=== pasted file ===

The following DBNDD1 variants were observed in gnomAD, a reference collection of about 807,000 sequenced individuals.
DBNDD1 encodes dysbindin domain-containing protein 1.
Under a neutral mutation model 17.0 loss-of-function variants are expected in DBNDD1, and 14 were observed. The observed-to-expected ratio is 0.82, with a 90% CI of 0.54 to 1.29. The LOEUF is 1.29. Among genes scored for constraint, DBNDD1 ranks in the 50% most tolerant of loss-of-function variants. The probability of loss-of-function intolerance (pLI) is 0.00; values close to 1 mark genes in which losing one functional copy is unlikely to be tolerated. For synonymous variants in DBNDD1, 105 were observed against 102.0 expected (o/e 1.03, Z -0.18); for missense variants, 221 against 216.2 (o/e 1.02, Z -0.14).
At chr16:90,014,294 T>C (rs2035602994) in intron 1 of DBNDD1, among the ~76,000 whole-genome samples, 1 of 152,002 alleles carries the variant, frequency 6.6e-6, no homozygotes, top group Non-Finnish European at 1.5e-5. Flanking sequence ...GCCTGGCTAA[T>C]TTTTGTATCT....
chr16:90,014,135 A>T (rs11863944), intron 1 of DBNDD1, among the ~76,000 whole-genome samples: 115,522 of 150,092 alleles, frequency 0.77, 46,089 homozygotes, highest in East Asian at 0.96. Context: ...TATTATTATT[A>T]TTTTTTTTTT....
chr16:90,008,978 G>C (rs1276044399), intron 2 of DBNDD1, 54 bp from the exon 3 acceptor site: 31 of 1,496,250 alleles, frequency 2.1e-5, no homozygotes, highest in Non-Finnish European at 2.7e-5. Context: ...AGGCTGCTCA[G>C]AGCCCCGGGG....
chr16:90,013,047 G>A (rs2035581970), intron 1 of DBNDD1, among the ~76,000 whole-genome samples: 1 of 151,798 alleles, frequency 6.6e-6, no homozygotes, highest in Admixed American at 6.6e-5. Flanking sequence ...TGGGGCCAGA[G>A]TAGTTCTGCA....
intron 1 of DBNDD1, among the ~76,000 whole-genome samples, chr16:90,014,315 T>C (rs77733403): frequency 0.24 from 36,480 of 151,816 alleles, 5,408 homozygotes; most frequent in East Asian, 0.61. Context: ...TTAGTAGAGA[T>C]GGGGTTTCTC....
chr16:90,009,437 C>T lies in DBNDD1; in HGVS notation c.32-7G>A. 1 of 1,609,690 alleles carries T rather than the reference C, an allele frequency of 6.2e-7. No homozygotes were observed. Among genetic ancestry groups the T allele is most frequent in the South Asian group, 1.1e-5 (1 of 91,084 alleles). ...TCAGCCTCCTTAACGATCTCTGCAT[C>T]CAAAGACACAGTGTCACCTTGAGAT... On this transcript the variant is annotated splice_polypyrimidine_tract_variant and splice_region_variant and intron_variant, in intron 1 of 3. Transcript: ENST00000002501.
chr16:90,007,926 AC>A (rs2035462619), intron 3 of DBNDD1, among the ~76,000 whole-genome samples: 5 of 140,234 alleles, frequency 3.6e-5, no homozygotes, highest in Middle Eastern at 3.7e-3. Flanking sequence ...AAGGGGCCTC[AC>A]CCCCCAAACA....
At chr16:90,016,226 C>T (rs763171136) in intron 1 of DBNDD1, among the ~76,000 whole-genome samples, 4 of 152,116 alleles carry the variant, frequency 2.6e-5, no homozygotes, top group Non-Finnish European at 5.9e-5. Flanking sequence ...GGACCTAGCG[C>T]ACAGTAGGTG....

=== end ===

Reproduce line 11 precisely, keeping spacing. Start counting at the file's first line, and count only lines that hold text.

At chr16:90,016,226 C>T (rs763171136) in intron 1 of DBNDD1, among the ~76,000 whole-genome samples, 4 of 152,116 alleles carry the variant, frequency 2.6e-5, no homozygotes, top group Non-Finnish European at 5.9e-5. Flanking sequence ...GGACCTAGCG[C>T]ACAGTAGGTG....